Landlords want action as insurance claims threaten to shut down treasured pubs

For five years Jeff Bambrick and his family, friends and community worked together to rebuild the Kalkadoon Hotel in the town of Kajabbi.

Surrounded by the red dirt and open countryside of rural Queensland, the shop was a gem for cattle and trucks for nearly 100 years until a dwindling population closed its doors in the mid-2000s.

Mr Bambrick said North West residents had had stars in their eyes since 2014, when they announced they were restoring the watering hole.

But he said he has been blindsided by high insurance premiums since the store opened this year.

He is one of at least three taxpayers who have recently renovated remote shopping centers in the area and been denied insurance or given higher rates.

Mr. Bambrick was forced to look outside of insurance.

“Country plates are somewhere for people to come to the countryside – people who work in the bush who have nowhere to go, where they can meet, they can let their hair down and have fun,” he said.

“It’s the result of what insurance companies are asking for and the different reasons they deny you.

“We’re a Queensland store and we had to go offshore to get insurance.

The Dajarra Hotel, built in 1917, has a long history in rural Queensland.(Provided by: Dajarra Hotel)

‘The straw that broke the camel’s back’

Richard Ryan runs the Dajarra Hotel, about three hours south of Kajabbi.

He said the insurance costs are destroying his profits.

“We were paying $28,000, then last year the insurance was $32,000, which started to run out.

“Country organizations are often the source of your small town – even if you don’t drink, it’s the place to hang out and the activities in your town, the tourism.

“It may be the straw that broke the camel’s back, and maybe the end of Dajarra in that sense, but thankfully we have mines that are growing.”

A rural shopping center with a rusty car resting in the weeds in front of it.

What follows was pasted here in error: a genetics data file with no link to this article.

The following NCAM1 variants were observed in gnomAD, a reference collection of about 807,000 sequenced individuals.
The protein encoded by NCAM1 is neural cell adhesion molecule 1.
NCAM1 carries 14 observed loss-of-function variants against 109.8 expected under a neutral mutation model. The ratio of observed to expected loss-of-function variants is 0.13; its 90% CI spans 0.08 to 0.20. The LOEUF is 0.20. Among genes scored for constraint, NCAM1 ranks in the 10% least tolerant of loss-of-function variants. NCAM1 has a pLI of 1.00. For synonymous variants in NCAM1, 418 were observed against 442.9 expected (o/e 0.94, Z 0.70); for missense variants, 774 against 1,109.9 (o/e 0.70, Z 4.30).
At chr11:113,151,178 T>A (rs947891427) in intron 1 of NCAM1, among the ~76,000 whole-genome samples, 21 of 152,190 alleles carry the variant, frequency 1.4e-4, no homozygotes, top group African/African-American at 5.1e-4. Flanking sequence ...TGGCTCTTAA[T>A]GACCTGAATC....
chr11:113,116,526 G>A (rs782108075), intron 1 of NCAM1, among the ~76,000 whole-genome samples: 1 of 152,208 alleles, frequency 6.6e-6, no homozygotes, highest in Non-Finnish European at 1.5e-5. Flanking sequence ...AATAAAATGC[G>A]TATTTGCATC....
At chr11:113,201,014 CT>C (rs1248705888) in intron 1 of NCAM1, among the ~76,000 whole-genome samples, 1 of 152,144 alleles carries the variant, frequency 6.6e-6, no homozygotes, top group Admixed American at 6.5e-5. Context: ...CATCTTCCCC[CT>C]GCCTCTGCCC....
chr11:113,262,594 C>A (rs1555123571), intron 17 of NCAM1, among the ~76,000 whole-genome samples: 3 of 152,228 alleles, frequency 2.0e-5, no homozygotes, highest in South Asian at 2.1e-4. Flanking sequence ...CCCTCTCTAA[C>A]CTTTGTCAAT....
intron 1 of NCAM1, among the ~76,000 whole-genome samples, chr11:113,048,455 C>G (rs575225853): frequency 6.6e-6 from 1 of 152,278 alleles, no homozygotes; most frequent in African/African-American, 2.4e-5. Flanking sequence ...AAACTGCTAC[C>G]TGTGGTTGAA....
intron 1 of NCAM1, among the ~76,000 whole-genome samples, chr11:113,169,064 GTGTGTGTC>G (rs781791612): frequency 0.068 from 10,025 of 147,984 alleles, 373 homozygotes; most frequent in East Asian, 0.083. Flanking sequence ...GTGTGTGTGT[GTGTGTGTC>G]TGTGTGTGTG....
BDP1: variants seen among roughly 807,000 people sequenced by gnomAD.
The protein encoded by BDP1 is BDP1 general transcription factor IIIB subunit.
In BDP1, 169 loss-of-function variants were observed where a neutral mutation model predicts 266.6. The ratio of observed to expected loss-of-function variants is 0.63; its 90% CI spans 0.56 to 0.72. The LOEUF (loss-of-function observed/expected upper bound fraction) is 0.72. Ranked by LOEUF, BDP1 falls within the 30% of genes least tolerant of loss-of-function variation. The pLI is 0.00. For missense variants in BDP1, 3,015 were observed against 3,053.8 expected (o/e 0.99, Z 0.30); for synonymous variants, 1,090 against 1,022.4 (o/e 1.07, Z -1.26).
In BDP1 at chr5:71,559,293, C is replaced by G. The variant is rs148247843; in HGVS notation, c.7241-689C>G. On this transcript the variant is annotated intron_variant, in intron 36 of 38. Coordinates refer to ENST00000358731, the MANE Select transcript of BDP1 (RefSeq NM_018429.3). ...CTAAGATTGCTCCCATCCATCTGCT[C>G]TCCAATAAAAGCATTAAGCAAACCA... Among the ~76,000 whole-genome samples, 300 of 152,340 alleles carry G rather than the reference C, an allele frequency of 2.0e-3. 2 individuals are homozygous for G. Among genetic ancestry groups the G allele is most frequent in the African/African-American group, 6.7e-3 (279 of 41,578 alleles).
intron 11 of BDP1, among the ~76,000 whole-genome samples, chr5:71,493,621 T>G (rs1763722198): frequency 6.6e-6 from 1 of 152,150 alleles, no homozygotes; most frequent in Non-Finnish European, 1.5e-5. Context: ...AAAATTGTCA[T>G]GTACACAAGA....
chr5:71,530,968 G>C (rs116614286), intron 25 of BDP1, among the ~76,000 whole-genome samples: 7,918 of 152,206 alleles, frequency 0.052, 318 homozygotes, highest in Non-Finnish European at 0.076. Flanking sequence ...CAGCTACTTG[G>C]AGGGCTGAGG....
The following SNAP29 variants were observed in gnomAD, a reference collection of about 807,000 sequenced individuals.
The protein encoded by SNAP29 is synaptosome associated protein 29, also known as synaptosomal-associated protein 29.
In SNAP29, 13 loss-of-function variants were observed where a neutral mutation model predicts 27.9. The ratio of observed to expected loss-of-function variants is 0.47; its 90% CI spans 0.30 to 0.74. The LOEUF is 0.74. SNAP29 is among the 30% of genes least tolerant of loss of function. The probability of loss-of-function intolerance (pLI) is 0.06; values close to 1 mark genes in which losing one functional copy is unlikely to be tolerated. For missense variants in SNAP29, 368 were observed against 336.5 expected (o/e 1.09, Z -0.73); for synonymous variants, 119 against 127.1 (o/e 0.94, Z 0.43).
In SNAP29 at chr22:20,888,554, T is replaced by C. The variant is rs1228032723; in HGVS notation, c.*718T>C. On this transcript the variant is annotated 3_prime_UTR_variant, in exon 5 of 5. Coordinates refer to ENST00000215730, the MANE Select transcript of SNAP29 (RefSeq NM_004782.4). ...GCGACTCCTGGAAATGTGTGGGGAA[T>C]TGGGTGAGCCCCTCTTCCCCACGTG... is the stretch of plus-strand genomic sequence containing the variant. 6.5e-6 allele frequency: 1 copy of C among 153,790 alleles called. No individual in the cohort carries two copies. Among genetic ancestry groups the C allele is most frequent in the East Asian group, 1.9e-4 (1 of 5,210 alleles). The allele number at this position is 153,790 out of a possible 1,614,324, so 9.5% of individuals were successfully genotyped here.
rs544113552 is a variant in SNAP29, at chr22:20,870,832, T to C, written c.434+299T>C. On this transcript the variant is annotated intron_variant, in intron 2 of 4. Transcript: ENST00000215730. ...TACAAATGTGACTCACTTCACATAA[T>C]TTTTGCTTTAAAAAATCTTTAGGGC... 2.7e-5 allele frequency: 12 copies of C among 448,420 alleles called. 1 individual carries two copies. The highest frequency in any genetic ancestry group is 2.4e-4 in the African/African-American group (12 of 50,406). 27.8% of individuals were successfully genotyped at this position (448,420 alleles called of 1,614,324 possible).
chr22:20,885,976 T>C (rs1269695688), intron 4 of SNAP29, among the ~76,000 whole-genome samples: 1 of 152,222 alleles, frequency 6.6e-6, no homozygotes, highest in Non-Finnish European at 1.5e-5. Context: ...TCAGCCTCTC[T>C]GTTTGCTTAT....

Quamby was once home to a thriving gold mine, but all that remains now is its shopping centre, which was built in the 1860s.(ABC North West: Chemical Maguire)

Buildings, places of great obstacles

Gold Coast developer Nigel Sheiles recently bought the smaller Quamby Pub with his wife and friends.

Further, they are looking to build a caravan park, lodge, toilet, swimming pool and playground to support visitors and the surrounding cattle ranch.

As a construction veteran, Mr. Sheiles said he was shocked when he struggled to get insurance on the site.

He said: “It was very difficult.

“They wouldn’t get back to us with a quote and when they did the prices went up ridiculously.

“They all seem to think that since it is an old wooden building, if we rebuild it, we should burn it as insurance, which is not the case.

Mr. Ryan faced the same problems.

“They said the money was because of the age of my house, and because of the wood,” he said.

A man in a work shirt and big hat stands behind the bar, holding a fresh cold beer.
Jeff Bambrick says insurance costs are through the roof.(Provided by: Kalkadoon Hotel)

They have asked the government to intervene

Mr Bambrick, Mr Ryan and Mr Sheiles said they were concerned about the future of rural pubs like theirs and the impact on communities.

They have asked the government to intervene.

“There’s a lot of power and a lot of inefficiency in the insurance industry,” Bambrick said.

“I just think the government needs to do something about the insurance industry, or the government needs to start their own insurance to cover places like country pubs that are very important in rural areas.”

Traeger MP Robbie Katter said bringing in a market regulator was a start.

“Rural and remote organizations play a much more important role than those based in Brisbane or Townsville,” he said.

“This is a market failure – and there is no regulator in the market and the system cannot provide such things.

“You can’t let these small communities collapse.